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Written by: International Rivers

South Africa’s energy planning has long focused on meeting its future energy needs from coal-fired and nuclear power plants, and hydropower imported from neighbouring countries. However, in the years since the government adopted the Integrated Resource Plan (IRP) in 2010 as its blueprint for energy infrastructure, there has been a fundamental shift in the energy sector both globally and within South Africa.

Of note has been the rapid deployment of new clean energy technologies, particularly solar and wind, which have revolutionised electricity generation and exceeded projections on both output and cost-competitiveness.

Secondly, the Paris Agreement on climate change and its commitment to reduce emissions has rendered coal power plants unacceptable and a technology of the past. South Africa is a signatory and has committed among other strategic actions to enable access to modern energy services.

Thirdly, the major delays and wild cost escalations bedevilling the development of hydropower plants at the Inga Dam in DRC and Mozambique’s Mphanda Nkuwa – both of which feature prominently in South Africa’s long-term power supply projections – have exposed the severe financial risks and uncertainties of delivery associated with these large, expensive dams.

A recent peer-reviewed study found that importing power from Inga 3 would escalate South Africa’s power costs by as much 4 billion rand, and that the country could meet its future electricity needs more cheaply by harnessing its own solar and wind potential.

With these current issues and plans on the table, the timing of the forthcoming IRP is opportune and represents a real opportunity to set South Africa on a sustainable energy pathway.

Demand for electricity

Since 2017 energy issues have loomed large in the political discourse in South Africa, prompting President Cyril Ramaphosa to point out that South Africa has in fact been generating excess power. This was confirmed in a new study from the University of Cape Town.

The trend of middle-income consumers who are gradually reducing their reliance on the grid in favour of rooftop fitted solar PV is increasing. This trend is likely to continue as prices of solar PV continue to fall and Eskom tariffs increase and may likely result in reduced electricity demand from the national grid.

This trend would place Eskom in a Catch 22 as it has a huge overhead to maintain its extensive electricity generation and distribution infrastructure while its income declines as consumers move off the grid.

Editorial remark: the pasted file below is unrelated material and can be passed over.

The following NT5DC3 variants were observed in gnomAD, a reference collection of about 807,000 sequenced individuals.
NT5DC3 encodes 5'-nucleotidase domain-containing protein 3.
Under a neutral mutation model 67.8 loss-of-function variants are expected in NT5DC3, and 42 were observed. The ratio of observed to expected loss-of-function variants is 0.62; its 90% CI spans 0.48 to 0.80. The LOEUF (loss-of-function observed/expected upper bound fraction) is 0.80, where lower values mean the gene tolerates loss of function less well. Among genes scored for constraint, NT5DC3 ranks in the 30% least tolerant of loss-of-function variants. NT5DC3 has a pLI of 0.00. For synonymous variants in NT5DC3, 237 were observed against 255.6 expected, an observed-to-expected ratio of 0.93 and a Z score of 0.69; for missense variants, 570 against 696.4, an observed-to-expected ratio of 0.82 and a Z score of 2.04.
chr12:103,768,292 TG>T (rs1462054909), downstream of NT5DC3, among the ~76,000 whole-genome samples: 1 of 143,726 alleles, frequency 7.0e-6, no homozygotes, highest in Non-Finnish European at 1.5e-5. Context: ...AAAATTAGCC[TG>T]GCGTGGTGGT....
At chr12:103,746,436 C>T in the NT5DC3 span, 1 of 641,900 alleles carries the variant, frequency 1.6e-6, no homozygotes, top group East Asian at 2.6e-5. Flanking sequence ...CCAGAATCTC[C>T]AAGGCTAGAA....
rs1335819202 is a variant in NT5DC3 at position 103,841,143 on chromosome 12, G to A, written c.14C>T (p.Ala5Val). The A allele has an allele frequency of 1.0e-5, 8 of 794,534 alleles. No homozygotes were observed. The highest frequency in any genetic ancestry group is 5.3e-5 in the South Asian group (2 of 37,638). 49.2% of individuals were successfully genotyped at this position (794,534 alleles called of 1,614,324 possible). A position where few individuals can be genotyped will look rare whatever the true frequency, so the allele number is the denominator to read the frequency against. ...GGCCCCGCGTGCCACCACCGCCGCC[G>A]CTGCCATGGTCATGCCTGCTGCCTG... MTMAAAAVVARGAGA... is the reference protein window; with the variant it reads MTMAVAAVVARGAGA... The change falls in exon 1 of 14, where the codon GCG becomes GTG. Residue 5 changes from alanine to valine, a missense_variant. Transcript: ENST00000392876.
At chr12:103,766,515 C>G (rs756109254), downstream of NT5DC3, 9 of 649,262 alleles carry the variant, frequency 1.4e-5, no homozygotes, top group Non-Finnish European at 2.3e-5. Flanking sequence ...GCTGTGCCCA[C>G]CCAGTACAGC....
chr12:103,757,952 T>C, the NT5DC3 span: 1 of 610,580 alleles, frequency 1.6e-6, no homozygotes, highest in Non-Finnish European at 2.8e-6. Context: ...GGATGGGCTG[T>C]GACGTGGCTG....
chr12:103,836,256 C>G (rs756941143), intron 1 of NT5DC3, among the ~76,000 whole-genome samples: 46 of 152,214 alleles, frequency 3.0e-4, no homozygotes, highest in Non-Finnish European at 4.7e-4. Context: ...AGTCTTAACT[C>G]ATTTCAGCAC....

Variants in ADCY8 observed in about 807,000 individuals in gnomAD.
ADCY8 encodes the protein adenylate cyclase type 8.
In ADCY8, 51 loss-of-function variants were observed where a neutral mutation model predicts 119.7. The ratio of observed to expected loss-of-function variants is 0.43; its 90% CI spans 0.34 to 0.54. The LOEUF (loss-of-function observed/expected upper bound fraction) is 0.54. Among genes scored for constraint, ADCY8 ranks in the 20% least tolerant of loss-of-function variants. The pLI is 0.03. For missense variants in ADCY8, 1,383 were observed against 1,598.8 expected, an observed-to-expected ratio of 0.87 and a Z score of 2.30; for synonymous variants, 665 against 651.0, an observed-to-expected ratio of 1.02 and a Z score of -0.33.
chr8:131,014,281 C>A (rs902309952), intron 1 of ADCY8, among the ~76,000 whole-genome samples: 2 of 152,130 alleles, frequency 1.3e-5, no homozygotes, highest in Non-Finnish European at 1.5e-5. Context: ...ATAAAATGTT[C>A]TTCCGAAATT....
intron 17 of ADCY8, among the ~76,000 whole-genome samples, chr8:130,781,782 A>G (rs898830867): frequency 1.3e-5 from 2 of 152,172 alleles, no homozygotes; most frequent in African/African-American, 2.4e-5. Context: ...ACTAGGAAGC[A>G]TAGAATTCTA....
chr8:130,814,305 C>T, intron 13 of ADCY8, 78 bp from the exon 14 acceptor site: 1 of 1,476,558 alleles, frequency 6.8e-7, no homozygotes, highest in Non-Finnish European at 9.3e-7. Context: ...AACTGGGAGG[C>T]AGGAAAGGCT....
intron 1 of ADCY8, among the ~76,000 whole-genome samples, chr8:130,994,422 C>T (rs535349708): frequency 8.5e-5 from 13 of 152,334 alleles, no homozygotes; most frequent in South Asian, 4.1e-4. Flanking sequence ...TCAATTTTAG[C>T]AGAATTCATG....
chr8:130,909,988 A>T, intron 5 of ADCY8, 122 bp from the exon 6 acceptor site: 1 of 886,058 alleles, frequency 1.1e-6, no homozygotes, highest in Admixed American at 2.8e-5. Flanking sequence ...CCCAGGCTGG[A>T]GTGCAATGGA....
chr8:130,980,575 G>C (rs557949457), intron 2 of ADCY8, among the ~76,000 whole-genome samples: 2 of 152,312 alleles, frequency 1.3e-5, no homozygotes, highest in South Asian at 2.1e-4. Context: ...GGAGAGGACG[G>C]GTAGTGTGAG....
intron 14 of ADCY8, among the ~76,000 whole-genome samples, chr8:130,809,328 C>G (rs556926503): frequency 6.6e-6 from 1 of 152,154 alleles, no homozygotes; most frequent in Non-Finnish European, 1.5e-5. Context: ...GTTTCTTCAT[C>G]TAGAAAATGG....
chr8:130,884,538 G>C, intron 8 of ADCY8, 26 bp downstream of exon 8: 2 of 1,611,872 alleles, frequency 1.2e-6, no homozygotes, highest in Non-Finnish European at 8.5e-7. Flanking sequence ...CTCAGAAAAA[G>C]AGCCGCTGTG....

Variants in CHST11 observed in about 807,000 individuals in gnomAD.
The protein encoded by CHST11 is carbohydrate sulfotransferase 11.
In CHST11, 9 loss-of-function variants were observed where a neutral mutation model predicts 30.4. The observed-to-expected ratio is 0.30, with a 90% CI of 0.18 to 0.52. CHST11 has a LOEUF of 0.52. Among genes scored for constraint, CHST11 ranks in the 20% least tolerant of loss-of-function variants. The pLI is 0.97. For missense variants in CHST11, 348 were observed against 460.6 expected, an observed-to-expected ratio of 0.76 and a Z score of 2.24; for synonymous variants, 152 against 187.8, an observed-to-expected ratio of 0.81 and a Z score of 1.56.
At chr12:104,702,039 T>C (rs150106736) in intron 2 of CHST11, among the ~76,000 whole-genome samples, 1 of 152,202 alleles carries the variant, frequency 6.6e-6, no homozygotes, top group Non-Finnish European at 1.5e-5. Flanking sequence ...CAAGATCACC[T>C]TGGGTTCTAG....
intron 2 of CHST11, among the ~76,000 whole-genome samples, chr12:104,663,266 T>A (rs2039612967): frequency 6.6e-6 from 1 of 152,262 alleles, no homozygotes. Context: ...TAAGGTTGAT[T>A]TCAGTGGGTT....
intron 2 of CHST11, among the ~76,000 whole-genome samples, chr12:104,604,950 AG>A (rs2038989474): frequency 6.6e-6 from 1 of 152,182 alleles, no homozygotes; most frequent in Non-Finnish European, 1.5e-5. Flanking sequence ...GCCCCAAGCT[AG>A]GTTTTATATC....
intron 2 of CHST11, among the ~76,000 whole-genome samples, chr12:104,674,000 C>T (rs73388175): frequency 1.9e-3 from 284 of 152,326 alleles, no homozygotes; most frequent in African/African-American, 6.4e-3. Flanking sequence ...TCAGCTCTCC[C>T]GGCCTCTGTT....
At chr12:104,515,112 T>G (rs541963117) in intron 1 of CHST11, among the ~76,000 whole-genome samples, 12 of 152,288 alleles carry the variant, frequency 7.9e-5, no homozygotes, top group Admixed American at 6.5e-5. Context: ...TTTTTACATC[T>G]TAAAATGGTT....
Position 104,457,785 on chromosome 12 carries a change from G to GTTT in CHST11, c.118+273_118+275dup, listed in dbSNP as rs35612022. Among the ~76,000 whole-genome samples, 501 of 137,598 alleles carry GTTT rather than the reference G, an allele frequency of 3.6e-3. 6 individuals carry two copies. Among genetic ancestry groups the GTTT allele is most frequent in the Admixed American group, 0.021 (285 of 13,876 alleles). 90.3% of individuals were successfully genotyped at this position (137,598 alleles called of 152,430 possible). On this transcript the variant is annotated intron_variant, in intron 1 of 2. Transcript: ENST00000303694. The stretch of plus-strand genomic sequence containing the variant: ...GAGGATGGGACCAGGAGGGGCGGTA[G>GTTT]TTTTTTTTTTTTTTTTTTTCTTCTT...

Eskom planners clearly have a challenge on how to set tariffs that are affordable to the consumer and meet their infrastructure maintenance budget. Eskom should note that even large business campuses are moving to rooftop solar PV supplies for electricity.

Transforming the energy sector

Before he was sworn in as president, Cyril Ramaphosa called for “significantly expand[ing] our renewable energy programme to fully take advantage of its potential to stimulate growth and jobs.” Minister of Energy, Jeff Radebe followed through on this pledge by signing renewable energy contracts that the Zuma government had effectively suspended.

It was therefore surprising when, in early May 2018, the same minister reassured the energy committee that South Africa still intends to help the DRC develop the Inga Dam. This is despite major red flags and corruption concerns caused the World Bank to cancel its support and potential investors to back away. Grand Inga is one deal from the Zuma era that should not be honoured. The Inga 3 or Grand Inga is that child with chicken pox that everyone loves from afar, but no one wants to hold.

The forthcoming Integrated Resource Plan (IRP) will determine how South Africa will meet its long-term electricity demand, and whether it will continue to rely on importing new hydropower, such as from the controversial Inga 3 Dam in the Democratic Republic of Congo. It is our hope that the new IRP will consider the plummeting costs of wind and solar power, introduce a comprehensive energy efficiency programme for the country, and discard the old assumptions about what is possible or not possible.

In the new IRP South Africa has an excellent opportunity to craft an innovative and sustainable energy pathway for the country for years and decades to come; a pathway that responds to the changing environment and takes advantage of new technologies.

With new leadership at the helm, this is an important moment to courageously take stock of those old initiatives and deals that should be discarded.